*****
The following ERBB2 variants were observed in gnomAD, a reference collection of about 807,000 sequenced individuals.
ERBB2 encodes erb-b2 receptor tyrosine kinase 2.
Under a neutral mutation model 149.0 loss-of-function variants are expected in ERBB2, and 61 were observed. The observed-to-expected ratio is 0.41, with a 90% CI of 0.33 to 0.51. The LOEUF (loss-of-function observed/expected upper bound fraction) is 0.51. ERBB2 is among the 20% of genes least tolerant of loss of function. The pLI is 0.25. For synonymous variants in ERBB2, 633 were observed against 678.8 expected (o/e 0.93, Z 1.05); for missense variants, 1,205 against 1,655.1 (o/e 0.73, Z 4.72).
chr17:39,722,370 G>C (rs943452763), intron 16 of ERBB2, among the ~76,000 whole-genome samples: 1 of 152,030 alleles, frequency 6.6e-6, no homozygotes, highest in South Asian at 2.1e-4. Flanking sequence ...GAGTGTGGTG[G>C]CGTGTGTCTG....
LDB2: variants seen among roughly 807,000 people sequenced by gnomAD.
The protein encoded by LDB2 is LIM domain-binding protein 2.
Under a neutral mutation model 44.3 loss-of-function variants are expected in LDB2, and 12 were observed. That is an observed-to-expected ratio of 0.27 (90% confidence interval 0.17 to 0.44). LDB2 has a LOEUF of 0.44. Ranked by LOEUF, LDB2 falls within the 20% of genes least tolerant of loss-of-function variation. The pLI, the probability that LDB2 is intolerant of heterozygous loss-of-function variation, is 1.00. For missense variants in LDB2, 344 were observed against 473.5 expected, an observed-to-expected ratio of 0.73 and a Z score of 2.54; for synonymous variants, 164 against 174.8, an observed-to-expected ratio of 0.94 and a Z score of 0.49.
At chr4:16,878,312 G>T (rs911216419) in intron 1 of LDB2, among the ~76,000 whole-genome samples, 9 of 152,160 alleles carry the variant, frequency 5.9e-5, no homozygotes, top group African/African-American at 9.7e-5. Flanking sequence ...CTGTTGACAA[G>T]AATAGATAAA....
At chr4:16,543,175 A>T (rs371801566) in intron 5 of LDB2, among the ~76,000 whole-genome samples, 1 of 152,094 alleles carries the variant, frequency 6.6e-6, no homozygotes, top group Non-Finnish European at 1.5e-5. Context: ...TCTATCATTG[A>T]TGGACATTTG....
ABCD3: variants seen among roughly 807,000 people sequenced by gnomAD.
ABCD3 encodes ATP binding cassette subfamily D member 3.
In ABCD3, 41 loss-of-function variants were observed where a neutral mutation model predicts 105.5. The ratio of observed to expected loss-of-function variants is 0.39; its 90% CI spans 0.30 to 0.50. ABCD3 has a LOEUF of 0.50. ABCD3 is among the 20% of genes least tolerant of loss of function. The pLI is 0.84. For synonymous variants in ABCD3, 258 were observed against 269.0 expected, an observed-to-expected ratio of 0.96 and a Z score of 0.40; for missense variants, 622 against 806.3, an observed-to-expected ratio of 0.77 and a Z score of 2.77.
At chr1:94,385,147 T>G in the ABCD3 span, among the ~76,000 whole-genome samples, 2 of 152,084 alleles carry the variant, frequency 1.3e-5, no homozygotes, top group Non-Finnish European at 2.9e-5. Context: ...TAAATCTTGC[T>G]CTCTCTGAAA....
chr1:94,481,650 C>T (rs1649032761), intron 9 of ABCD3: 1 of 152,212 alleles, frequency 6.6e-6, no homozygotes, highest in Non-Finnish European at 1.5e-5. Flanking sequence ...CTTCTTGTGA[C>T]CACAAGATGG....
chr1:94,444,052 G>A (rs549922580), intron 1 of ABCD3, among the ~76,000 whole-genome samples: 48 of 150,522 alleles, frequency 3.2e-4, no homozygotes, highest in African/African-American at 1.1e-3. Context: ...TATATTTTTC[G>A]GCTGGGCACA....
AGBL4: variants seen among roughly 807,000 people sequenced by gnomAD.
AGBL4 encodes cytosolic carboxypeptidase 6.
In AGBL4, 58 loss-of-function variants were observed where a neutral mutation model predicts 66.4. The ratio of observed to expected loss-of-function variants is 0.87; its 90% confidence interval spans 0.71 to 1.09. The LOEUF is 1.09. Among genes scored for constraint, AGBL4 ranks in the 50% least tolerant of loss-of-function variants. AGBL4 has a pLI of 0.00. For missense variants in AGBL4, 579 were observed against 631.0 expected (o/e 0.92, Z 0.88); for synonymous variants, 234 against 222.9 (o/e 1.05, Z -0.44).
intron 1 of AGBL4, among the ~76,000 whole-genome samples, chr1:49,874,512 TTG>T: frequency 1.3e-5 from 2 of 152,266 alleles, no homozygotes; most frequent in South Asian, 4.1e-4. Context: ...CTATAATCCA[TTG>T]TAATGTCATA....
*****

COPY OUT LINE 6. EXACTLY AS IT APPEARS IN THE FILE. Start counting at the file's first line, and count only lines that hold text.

The protein encoded by LDB2 is LIM domain-binding protein 2.